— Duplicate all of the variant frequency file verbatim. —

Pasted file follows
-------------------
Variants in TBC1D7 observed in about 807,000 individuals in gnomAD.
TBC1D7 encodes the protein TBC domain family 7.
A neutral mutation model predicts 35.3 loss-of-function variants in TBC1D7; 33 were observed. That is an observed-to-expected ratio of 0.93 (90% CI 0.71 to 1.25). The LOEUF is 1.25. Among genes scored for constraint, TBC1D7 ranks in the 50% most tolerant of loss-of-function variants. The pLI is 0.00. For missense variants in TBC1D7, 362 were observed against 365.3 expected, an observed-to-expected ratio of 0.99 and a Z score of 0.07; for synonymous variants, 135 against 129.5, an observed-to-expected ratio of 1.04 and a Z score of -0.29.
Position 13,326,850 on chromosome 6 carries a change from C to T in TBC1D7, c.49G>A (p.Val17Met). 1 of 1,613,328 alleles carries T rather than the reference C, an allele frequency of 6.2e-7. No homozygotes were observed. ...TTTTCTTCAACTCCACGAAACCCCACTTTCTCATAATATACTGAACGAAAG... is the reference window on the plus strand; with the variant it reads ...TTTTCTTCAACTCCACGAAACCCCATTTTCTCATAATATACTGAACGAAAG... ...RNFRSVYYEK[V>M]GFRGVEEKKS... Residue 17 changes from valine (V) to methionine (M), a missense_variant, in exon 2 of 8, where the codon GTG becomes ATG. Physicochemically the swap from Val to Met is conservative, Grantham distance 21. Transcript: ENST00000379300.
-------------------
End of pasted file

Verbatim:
Variants in TBC1D7 observed in about 807,000 individuals in gnomAD.
TBC1D7 encodes the protein TBC domain family 7.
A neutral mutation model predicts 35.3 loss-of-function variants in TBC1D7; 33 were observed. That is an observed-to-expected ratio of 0.93 (90% CI 0.71 to 1.25). The LOEUF is 1.25. Among genes scored for constraint, TBC1D7 ranks in the 50% most tolerant of loss-of-function variants. The pLI is 0.00. For missense variants in TBC1D7, 362 were observed against 365.3 expected, an observed-to-expected ratio of 0.99 and a Z score of 0.07; for synonymous variants, 135 against 129.5, an observed-to-expected ratio of 1.04 and a Z score of -0.29.
Position 13,326,850 on chromosome 6 carries a change from C to T in TBC1D7, c.49G>A (p.Val17Met). 1 of 1,613,328 alleles carries T rather than the reference C, an allele frequency of 6.2e-7. No homozygotes were observed. ...TTTTCTTCAACTCCACGAAACCCCACTTTCTCATAATATACTGAACGAAAG... is the reference window on the plus strand; with the variant it reads ...TTTTCTTCAACTCCACGAAACCCCATTTTCTCATAATATACTGAACGAAAG... ...RNFRSVYYEK[V>M]GFRGVEEKKS... Residue 17 changes from valine (V) to methionine (M), a missense_variant, in exon 2 of 8, where the codon GTG becomes ATG. Physicochemically the swap from Val to Met is conservative, Grantham distance 21. Transcript: ENST00000379300.